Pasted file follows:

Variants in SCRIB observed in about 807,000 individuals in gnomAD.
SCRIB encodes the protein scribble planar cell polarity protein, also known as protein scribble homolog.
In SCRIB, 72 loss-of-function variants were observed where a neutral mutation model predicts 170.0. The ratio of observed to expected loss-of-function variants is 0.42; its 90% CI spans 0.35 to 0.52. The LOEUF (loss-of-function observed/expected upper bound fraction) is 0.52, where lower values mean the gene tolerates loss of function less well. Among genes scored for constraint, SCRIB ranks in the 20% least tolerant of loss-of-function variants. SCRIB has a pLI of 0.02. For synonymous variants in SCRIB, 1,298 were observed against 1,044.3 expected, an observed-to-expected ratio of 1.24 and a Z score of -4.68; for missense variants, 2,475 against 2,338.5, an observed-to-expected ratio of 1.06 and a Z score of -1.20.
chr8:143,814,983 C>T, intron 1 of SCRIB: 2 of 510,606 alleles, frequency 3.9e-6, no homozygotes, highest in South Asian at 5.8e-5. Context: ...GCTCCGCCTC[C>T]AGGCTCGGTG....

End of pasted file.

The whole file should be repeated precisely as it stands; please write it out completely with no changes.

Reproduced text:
Variants in SCRIB observed in about 807,000 individuals in gnomAD.
SCRIB encodes the protein scribble planar cell polarity protein, also known as protein scribble homolog.
In SCRIB, 72 loss-of-function variants were observed where a neutral mutation model predicts 170.0. The ratio of observed to expected loss-of-function variants is 0.42; its 90% CI spans 0.35 to 0.52. The LOEUF (loss-of-function observed/expected upper bound fraction) is 0.52, where lower values mean the gene tolerates loss of function less well. Among genes scored for constraint, SCRIB ranks in the 20% least tolerant of loss-of-function variants. SCRIB has a pLI of 0.02. For synonymous variants in SCRIB, 1,298 were observed against 1,044.3 expected, an observed-to-expected ratio of 1.24 and a Z score of -4.68; for missense variants, 2,475 against 2,338.5, an observed-to-expected ratio of 1.06 and a Z score of -1.20.
chr8:143,814,983 C>T, intron 1 of SCRIB: 2 of 510,606 alleles, frequency 3.9e-6, no homozygotes, highest in South Asian at 5.8e-5. Context: ...GCTCCGCCTC[C>T]AGGCTCGGTG....